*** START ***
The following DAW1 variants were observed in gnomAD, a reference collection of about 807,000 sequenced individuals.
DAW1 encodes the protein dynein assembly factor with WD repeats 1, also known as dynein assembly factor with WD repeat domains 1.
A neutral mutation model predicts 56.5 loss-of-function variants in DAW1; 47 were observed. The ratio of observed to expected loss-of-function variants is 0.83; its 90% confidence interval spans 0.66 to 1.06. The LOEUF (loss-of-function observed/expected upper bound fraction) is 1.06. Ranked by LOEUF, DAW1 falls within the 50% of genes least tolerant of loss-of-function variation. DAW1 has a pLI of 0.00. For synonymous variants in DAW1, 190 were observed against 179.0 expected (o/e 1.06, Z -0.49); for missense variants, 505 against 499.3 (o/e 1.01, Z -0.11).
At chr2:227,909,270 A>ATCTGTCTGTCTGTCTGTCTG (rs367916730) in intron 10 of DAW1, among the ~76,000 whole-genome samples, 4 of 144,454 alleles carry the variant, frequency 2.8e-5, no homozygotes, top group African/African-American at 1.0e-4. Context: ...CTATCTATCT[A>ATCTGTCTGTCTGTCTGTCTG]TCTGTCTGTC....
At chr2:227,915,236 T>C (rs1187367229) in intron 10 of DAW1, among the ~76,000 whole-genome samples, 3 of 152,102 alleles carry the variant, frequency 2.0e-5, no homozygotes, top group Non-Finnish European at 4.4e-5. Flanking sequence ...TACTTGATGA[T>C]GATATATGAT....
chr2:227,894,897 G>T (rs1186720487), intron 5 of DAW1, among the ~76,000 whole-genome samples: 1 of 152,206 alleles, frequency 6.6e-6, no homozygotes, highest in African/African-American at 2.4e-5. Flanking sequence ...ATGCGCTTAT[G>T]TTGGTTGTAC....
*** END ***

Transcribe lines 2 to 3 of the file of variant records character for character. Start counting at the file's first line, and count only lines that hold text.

DAW1 encodes the protein dynein assembly factor with WD repeats 1, also known as dynein assembly factor with WD repeat domains 1.
A neutral mutation model predicts 56.5 loss-of-function variants in DAW1; 47 were observed. The ratio of observed to expected loss-of-function variants is 0.83; its 90% confidence interval spans 0.66 to 1.06. The LOEUF (loss-of-function observed/expected upper bound fraction) is 1.06. Ranked by LOEUF, DAW1 falls within the 50% of genes least tolerant of loss-of-function variation. DAW1 has a pLI of 0.00. For synonymous variants in DAW1, 190 were observed against 179.0 expected (o/e 1.06, Z -0.49); for missense variants, 505 against 499.3 (o/e 1.01, Z -0.11).